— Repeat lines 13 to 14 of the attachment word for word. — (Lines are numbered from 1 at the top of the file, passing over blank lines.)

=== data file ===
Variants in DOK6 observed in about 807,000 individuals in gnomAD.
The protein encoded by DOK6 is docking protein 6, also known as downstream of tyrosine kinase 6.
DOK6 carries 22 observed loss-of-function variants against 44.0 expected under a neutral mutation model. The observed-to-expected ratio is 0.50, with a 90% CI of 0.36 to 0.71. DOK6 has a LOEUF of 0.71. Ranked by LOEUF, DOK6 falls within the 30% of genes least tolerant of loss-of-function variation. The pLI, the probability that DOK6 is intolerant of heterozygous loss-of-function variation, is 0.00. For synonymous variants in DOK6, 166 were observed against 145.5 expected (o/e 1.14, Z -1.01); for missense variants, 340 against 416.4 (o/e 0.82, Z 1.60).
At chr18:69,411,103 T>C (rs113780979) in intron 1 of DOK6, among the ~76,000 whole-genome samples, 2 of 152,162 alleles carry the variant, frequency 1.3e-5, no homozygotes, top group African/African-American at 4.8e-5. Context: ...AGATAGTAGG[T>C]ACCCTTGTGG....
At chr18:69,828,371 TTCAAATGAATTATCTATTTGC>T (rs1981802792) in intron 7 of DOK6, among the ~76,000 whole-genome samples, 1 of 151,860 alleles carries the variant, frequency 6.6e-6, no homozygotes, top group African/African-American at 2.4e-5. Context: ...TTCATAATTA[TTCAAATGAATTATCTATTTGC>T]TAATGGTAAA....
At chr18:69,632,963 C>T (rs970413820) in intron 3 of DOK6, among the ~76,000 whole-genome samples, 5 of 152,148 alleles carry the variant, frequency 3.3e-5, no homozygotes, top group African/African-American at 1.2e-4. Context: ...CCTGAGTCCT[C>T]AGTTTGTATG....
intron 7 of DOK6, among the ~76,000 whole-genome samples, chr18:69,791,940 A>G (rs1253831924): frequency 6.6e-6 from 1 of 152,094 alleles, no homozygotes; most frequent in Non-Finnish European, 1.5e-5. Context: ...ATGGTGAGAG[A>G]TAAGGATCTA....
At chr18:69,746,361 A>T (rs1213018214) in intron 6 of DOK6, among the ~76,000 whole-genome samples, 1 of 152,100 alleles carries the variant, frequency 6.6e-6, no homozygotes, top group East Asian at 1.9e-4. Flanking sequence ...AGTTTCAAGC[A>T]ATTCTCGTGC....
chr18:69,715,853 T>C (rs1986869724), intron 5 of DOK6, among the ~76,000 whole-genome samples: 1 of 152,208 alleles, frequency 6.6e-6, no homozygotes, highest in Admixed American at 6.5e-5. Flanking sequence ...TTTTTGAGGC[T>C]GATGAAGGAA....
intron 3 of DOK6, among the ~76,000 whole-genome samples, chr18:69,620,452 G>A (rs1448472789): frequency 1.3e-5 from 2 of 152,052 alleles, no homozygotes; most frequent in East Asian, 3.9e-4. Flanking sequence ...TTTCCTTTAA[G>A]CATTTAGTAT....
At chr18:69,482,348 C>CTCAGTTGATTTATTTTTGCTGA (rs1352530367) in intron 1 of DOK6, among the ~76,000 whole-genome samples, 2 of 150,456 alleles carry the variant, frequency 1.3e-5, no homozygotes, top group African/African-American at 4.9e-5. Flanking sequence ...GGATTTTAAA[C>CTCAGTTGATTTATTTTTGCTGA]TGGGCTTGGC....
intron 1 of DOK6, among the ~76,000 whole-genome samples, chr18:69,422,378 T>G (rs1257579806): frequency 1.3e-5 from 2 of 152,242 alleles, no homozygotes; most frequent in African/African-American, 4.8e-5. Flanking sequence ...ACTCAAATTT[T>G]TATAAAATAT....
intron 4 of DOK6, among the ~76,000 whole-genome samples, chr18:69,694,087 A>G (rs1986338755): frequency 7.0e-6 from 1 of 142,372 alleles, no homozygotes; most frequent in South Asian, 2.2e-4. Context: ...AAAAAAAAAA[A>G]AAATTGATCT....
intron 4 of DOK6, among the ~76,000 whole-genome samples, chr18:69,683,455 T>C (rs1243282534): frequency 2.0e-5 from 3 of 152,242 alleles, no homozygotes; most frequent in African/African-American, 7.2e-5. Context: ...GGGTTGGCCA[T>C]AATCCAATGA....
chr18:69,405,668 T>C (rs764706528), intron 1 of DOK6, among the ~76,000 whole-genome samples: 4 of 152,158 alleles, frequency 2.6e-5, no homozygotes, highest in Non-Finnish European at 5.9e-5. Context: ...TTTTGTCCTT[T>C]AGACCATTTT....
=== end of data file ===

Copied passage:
intron 4 of DOK6, among the ~76,000 whole-genome samples, chr18:69,694,087 A>G (rs1986338755): frequency 7.0e-6 from 1 of 142,372 alleles, no homozygotes; most frequent in South Asian, 2.2e-4. Context: ...AAAAAAAAAA[A>G]AAATTGATCT....
intron 4 of DOK6, among the ~76,000 whole-genome samples, chr18:69,683,455 T>C (rs1243282534): frequency 2.0e-5 from 3 of 152,242 alleles, no homozygotes; most frequent in African/African-American, 7.2e-5. Context: ...GGGTTGGCCA[T>C]AATCCAATGA....